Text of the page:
<html><title>{{title}}</title></html>

    Get the template with contextual escaping filters inserted:

    handlebarspp sample.hbs > sample.shbs

    The pre-processed template file sample.shbs that is fully-compatible with the original (runtime) Handlebars:

    <!doctype html>
    <html><title>{{{yd title}}}</title></html>

    These rewritten templates can then go through the standard Handlebars pre-compilation process, and be used with secure-handlebars-helpers during runtime compilation. On the other hand, this utility also faciilates statistics collection. For instance, you can write a simple script to count the number of dangerous contexts (such as <script>{{script}}</script>).

    Development

    How to test

    npm test

    Known Limitations & Issues

    • Templates MUST be in UTF-8 encoding and using HTML 5 doctype (i.e., <!doctype html>).
    • There is no support to the JavaScript contexts and <style> tags yet. See the section below for details.
    • Our approach involves only static analysis on the template files, and thus data dynamically binded through raw output expressions that may alter the execution context on the rendered HTML CANNOT be taken into account.
    • We now assume that {{>partial}} and {{{{rawblock}}}} are always placed in the HTML Data context, and that they will result in the same Data context after data binding (hence, in-state and out-state are both of the data context).

    Warnings and Workarounds

    When output expressions are found inside dangerous (yet-to-be-supported) contexts, we echo warnings and gracefully fallback to apply the default Handlebars escapeExpression(). These warnings are indications of potential security exploits, and thus require closer inspections. Instead of simply abusing {{{raw_expression}}} to suppress the warnings, here are some alternative suggestions to secure your applications.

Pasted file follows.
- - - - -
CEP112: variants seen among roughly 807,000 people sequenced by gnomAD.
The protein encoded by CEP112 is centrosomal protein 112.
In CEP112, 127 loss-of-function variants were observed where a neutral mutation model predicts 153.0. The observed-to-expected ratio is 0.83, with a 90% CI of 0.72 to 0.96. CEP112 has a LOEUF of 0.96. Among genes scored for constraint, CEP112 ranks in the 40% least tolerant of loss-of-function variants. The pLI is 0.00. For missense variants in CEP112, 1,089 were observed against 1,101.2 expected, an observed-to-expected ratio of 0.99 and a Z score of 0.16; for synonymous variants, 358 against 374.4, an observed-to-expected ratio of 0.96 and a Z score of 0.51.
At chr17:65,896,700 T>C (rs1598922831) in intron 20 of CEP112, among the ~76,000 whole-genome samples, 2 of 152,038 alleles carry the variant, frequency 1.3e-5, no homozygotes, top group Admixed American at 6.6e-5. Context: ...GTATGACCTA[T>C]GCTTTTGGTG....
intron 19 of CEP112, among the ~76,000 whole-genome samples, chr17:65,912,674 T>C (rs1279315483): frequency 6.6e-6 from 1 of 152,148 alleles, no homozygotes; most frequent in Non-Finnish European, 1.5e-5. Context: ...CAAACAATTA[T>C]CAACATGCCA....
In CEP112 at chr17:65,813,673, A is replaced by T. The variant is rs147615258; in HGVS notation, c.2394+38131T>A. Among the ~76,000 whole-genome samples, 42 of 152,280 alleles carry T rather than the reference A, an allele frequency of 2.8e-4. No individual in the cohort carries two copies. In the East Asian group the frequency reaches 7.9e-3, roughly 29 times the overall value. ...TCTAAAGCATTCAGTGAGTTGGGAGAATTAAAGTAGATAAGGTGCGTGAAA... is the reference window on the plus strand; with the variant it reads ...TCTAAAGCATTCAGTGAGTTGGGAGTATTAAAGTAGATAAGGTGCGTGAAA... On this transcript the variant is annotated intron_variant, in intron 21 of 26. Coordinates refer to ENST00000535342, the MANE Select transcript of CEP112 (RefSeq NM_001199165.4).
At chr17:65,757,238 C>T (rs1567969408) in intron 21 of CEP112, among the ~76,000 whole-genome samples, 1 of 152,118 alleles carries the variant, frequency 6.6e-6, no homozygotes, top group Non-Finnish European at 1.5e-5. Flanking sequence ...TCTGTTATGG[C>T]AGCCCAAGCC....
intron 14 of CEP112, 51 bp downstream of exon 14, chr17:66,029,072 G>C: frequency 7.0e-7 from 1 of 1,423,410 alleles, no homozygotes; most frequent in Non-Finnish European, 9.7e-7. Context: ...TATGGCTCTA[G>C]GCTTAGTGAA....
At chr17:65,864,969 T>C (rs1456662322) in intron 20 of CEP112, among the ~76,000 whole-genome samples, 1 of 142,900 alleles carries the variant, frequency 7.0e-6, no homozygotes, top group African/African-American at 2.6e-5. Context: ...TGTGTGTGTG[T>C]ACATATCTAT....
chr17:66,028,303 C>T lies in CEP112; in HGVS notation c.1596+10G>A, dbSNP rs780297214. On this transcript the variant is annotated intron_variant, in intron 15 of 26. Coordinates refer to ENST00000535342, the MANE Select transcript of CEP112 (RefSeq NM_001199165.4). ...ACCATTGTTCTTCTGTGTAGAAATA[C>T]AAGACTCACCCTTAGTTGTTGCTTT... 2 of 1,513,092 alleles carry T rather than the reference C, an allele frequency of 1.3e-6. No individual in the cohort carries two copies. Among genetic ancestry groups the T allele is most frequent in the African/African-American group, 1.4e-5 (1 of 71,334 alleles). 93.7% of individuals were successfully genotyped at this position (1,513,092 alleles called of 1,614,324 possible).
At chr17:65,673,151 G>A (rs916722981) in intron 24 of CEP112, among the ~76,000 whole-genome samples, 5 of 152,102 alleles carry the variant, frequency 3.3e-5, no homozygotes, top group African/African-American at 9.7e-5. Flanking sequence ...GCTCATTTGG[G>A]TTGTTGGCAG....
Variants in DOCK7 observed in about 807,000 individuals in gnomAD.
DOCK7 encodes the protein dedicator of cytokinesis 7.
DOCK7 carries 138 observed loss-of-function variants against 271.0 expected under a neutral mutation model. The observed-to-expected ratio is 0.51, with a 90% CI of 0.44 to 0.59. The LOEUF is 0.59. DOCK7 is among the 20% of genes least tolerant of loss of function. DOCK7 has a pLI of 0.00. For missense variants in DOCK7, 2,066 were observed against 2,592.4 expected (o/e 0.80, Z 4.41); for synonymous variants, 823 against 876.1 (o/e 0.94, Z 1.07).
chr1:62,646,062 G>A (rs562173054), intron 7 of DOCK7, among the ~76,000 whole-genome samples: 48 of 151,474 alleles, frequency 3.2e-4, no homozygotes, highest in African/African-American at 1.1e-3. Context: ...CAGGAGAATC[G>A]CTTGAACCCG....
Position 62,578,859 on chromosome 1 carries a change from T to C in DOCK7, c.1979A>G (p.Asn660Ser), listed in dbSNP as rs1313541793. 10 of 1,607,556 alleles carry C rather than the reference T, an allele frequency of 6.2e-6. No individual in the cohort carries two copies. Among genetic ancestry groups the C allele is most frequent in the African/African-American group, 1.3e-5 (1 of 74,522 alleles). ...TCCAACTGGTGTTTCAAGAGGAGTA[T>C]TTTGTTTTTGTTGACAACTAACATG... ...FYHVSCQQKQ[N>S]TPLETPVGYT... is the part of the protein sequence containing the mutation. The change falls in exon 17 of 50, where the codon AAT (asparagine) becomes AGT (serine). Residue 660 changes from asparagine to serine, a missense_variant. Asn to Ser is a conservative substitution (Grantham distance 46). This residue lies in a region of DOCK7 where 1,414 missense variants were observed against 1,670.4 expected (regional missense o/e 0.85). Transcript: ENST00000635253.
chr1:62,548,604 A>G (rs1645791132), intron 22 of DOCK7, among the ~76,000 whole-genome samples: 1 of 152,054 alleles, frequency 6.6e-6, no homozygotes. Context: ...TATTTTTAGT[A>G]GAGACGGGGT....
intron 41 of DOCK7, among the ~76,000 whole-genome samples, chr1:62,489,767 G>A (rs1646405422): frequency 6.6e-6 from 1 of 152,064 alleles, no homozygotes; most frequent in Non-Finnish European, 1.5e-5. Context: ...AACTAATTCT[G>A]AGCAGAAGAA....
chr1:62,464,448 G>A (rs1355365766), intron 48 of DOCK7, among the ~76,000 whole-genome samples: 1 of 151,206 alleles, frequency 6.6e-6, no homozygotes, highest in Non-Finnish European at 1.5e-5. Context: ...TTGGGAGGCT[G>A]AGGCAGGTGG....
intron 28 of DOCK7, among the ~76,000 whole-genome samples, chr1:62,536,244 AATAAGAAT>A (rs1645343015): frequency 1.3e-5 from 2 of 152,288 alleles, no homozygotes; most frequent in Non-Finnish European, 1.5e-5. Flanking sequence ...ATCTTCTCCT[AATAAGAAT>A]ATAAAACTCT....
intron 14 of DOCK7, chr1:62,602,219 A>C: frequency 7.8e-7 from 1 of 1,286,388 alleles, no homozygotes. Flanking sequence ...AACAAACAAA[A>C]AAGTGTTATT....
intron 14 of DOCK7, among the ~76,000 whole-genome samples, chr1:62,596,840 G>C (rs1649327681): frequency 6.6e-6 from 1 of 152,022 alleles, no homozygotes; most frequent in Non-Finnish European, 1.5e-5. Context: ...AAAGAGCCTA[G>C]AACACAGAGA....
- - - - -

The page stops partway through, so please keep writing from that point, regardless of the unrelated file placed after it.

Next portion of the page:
• [WARNING] SecureHandlebars: Unsafe output expression found at scriptable <script> tag
    <!-- Rewrite <script>var strJS = {{strJS}};</script> as: -->
    <input type="hidden" id="strJS" value="{{strJS}}">
    <script>var strJS = document.getElementById('strJS').value;</script> 
    • [WARNING] SecureHandlebars: Unsafe output expression found at onclick JavaScript event attribute

    • Case 1. the data is trusted, or will not be used as URI/HTML output

    ```
    • Case 2A. the data will be used as URI/HTML output
      The contextual analyzer does not (cannot) evaluate your JavaScript code, and thus lacks the information on which contexts the data will be ultimately used. Therefore, you must manually apply the escaping filters including uriData (a patched encodeURI()), uriComponentData (alias of encodeURIComponent()), and the xss-filters that are already registered as Handlebars helpers.
    ``` The manually-applied filters here are to pre-escape `{{keyword}}` depending on the ultimate output contexts, while the `{{` `}}` is still needed (**NOT** `{{{ }}}`) to let `secure-handlebars` automatically applies the escaping filter for the immediate attribute value context.
    • Case 2B. Alternatively, just in case the output pre-escaping is what you want to avoid, please embed the xss-filters on the client-side for filtering.
    ```

    License

    This software is free to use under the BSD license. See the LICENSE file for license text and copyright information.

    Install

    npm i secure-handlebars

    DownloadsWeekly Downloads

    37

    Version

    1.2.1

    License

    SEE LICENSE IN LICENSE

    Last publish

    Collaborators

    • adon
    • davglass
    • neraliu
    • yukinying